Meet the author

Daveante Jones


Little Rock, AR

working from home
working from home

One of the holdovers that will likely result from COVID-19 workplace restrictions is employers allowing more employees to work remotely in a more permanent manner. This will allow many employees to work for an employer in one state while residing in another. As this shift takes place, its impact will most likely be felt in out-of-state remote employees’ income taxes—sometimes more than once. For instance, some states may require employers to withhold unemployment and state income taxes in the state where the employee is located instead of the state where the employer’s home office is located. In some situations, remote employees may be subject to income tax in both the state they reside and the state in which their employer operates.

Many states follow one of these approaches when it comes to withholding income taxes:

  • “Physical presence” Rule: If your head office is in State A but your remote employee works at home in State B, under the physical presence rule you are required to withhold unemployment and state taxes in State B, even if you don’t have a physical office there.
  • Reciprocity: Some states that border each other have entered into agreements related to allowing an employee who lives in one state but works in a neighboring state to have their withholding tax paid to the work state.
  • Convenience rule: Some states impose tax based on the employer’s location, not the location of the employee, where the employee’s remote location is not needed by the employer but rather is for the convenience of the employee. This rule possibly subjects employees to income tax in both the state they reside and the state in which their employer operates.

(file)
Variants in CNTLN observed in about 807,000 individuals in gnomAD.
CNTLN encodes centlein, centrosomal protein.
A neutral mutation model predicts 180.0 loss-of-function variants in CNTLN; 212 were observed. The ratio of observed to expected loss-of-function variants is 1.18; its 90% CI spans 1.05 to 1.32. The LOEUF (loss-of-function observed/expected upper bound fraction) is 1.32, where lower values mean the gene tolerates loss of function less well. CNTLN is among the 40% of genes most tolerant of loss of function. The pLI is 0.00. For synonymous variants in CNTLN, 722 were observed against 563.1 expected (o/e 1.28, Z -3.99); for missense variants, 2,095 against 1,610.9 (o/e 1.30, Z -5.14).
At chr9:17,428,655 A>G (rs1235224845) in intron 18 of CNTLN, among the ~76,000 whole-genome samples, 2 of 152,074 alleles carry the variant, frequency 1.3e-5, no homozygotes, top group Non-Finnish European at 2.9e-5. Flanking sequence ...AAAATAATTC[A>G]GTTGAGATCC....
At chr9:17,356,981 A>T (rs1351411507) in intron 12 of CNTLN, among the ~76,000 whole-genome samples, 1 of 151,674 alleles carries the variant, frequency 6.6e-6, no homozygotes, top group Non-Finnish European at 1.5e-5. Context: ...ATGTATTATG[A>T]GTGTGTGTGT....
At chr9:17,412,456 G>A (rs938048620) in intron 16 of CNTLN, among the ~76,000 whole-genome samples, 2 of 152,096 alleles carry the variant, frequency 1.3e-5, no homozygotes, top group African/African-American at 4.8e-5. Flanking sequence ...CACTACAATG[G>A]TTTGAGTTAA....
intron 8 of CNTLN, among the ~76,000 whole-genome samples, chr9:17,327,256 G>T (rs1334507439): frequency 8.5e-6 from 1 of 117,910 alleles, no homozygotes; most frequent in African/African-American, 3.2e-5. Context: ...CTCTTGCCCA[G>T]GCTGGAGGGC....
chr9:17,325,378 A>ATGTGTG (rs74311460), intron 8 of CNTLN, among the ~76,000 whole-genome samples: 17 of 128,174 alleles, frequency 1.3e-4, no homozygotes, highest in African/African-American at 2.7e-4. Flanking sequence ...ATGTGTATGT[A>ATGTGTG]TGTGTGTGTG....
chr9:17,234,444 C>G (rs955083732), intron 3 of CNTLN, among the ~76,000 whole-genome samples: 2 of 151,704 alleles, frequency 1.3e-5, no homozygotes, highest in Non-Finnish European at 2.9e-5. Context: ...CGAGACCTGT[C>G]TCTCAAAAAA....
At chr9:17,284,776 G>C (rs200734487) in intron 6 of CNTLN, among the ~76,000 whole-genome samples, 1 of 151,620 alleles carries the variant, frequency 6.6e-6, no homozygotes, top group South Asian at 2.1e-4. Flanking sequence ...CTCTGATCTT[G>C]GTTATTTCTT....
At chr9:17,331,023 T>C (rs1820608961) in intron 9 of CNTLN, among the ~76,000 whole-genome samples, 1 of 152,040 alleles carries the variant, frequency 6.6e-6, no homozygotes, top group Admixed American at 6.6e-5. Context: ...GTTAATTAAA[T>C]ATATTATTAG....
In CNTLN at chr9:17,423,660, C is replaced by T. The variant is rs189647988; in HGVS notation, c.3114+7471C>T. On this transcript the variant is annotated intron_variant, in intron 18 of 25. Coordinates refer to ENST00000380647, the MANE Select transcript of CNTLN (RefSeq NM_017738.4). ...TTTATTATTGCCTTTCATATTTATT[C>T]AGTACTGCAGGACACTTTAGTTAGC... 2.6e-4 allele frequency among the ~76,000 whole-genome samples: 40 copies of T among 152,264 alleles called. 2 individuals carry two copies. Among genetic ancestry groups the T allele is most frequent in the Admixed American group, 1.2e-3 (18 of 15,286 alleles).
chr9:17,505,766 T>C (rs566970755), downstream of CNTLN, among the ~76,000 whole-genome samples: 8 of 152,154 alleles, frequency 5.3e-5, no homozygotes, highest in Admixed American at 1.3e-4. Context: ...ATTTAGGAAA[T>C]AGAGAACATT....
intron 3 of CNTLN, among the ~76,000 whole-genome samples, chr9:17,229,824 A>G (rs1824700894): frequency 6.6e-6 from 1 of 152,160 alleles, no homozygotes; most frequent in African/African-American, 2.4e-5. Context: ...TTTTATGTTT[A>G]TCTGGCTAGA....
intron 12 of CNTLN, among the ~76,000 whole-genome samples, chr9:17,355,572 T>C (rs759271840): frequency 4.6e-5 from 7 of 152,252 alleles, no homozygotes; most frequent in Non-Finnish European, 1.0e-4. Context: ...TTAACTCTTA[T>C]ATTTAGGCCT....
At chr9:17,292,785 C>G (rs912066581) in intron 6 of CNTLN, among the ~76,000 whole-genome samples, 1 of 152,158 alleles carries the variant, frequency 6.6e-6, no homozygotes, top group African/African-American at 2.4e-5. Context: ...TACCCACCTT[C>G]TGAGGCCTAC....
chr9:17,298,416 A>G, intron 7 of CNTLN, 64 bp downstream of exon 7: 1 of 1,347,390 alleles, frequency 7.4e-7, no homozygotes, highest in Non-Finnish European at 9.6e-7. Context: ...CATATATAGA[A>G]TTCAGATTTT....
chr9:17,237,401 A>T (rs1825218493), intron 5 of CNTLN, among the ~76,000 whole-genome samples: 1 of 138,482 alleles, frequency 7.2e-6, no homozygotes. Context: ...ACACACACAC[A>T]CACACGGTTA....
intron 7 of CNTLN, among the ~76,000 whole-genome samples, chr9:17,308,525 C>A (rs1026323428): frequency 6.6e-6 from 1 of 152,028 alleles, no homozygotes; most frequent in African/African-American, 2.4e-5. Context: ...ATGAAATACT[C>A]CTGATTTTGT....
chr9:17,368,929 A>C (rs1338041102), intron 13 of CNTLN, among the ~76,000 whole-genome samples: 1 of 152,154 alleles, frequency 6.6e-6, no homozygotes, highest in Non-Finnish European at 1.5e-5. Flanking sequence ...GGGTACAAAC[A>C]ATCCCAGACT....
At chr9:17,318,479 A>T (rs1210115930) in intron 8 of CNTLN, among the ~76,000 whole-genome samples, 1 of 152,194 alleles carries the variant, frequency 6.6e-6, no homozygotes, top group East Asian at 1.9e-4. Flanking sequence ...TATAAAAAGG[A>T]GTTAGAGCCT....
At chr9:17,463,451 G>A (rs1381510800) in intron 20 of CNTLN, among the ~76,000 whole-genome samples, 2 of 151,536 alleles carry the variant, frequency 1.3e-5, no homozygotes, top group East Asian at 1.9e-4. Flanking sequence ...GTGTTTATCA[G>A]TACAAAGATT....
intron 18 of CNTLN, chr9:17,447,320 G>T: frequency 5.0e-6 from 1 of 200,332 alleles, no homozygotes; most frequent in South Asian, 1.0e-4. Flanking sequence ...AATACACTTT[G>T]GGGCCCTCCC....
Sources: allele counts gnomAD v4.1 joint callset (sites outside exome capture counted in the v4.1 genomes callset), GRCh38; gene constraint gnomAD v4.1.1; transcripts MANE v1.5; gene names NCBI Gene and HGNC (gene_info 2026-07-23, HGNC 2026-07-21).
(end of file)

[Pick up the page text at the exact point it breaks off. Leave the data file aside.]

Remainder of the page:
After a period of uncertainty, Arkansas law will follow the “physical presence” rule approach. In the past, pursuant to Arkansas Department of Finance and Administration (DFA) Individual Income Tax Regulation 1.26-52-202(c), the State of Arkansas only required income tax on work that could reasonably be allocated to work performed in Arkansas. Based on DFA’s recent Legal Opinions No. 2020023 and No. 20150202, however, Arkansas took the convenience rule approach for a short period of time. In these opinions, the DFA opined that a Systems Analyst working remotely from Washington for an Arkansas employer and a non-resident professor working remotely for an Arkansas university were subject to Arkansas income tax on their income even though they worked out of state. For the Systems Analyst, the DFA noted that she owed income taxes to the State of Arkansas because she was employed by an Arkansas employer, her day-to-day work duties were directly tied to the maintenance of computer systems in Arkansas at her employer’s in-state location, and those duties directly impacted the ability of her employer to carry out its mission and purpose in Arkansas. See the opinion here. For the non-resident professor, the DFA noted he owed income taxes to the State of Arkansas because the professor was teaching a course in Arkansas and engaging with students in an organized manner in a classroom provided by the Arkansas school. See the opinion here. Due to the uncertainty, Senate Bill 484 was introduced during the 2020-2021 General Assembly—Regular Session. SB 484 clarifies the allocation of nonresident income for Arkansas income tax purposes and establishes that Arkansas follows the “physical presence” rule as was set out in DFA Individual Income Tax Regulation 1.26-52-202(c). SB 484 states that: